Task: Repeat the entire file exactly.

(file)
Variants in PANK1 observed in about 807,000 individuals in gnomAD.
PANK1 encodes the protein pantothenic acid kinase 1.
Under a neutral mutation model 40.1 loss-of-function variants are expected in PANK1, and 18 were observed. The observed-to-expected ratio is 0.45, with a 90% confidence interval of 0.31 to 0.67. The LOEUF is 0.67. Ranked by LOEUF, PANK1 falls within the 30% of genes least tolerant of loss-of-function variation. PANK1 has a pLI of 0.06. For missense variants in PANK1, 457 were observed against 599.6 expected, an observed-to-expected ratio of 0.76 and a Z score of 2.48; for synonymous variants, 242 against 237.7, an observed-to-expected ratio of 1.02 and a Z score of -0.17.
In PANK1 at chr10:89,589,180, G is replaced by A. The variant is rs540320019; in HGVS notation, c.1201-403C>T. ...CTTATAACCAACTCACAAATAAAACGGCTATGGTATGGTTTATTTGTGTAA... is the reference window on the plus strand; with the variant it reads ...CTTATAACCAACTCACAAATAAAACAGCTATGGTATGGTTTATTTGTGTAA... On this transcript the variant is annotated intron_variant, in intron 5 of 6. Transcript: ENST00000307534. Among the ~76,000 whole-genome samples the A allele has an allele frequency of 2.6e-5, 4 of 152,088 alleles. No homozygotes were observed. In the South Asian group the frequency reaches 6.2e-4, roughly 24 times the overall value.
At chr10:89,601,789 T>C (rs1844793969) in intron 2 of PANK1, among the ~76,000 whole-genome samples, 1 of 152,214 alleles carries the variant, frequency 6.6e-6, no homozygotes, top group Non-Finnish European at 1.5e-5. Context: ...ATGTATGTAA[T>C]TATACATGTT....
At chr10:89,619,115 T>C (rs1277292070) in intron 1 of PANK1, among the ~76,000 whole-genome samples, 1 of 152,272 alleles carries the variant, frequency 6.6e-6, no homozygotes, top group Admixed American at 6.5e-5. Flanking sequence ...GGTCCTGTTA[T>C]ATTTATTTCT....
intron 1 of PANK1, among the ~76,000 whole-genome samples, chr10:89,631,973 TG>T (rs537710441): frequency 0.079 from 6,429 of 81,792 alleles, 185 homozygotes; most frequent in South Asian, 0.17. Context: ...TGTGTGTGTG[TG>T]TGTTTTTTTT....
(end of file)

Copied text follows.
Variants in PANK1 observed in about 807,000 individuals in gnomAD.
PANK1 encodes the protein pantothenic acid kinase 1.
Under a neutral mutation model 40.1 loss-of-function variants are expected in PANK1, and 18 were observed. The observed-to-expected ratio is 0.45, with a 90% confidence interval of 0.31 to 0.67. The LOEUF is 0.67. Ranked by LOEUF, PANK1 falls within the 30% of genes least tolerant of loss-of-function variation. PANK1 has a pLI of 0.06. For missense variants in PANK1, 457 were observed against 599.6 expected, an observed-to-expected ratio of 0.76 and a Z score of 2.48; for synonymous variants, 242 against 237.7, an observed-to-expected ratio of 1.02 and a Z score of -0.17.
In PANK1 at chr10:89,589,180, G is replaced by A. The variant is rs540320019; in HGVS notation, c.1201-403C>T. ...CTTATAACCAACTCACAAATAAAACGGCTATGGTATGGTTTATTTGTGTAA... is the reference window on the plus strand; with the variant it reads ...CTTATAACCAACTCACAAATAAAACAGCTATGGTATGGTTTATTTGTGTAA... On this transcript the variant is annotated intron_variant, in intron 5 of 6. Transcript: ENST00000307534. Among the ~76,000 whole-genome samples the A allele has an allele frequency of 2.6e-5, 4 of 152,088 alleles. No homozygotes were observed. In the South Asian group the frequency reaches 6.2e-4, roughly 24 times the overall value.
At chr10:89,601,789 T>C (rs1844793969) in intron 2 of PANK1, among the ~76,000 whole-genome samples, 1 of 152,214 alleles carries the variant, frequency 6.6e-6, no homozygotes, top group Non-Finnish European at 1.5e-5. Context: ...ATGTATGTAA[T>C]TATACATGTT....
At chr10:89,619,115 T>C (rs1277292070) in intron 1 of PANK1, among the ~76,000 whole-genome samples, 1 of 152,272 alleles carries the variant, frequency 6.6e-6, no homozygotes, top group Admixed American at 6.5e-5. Flanking sequence ...GGTCCTGTTA[T>C]ATTTATTTCT....
intron 1 of PANK1, among the ~76,000 whole-genome samples, chr10:89,631,973 TG>T (rs537710441): frequency 0.079 from 6,429 of 81,792 alleles, 185 homozygotes; most frequent in South Asian, 0.17. Context: ...TGTGTGTGTG[TG>T]TGTTTTTTTT....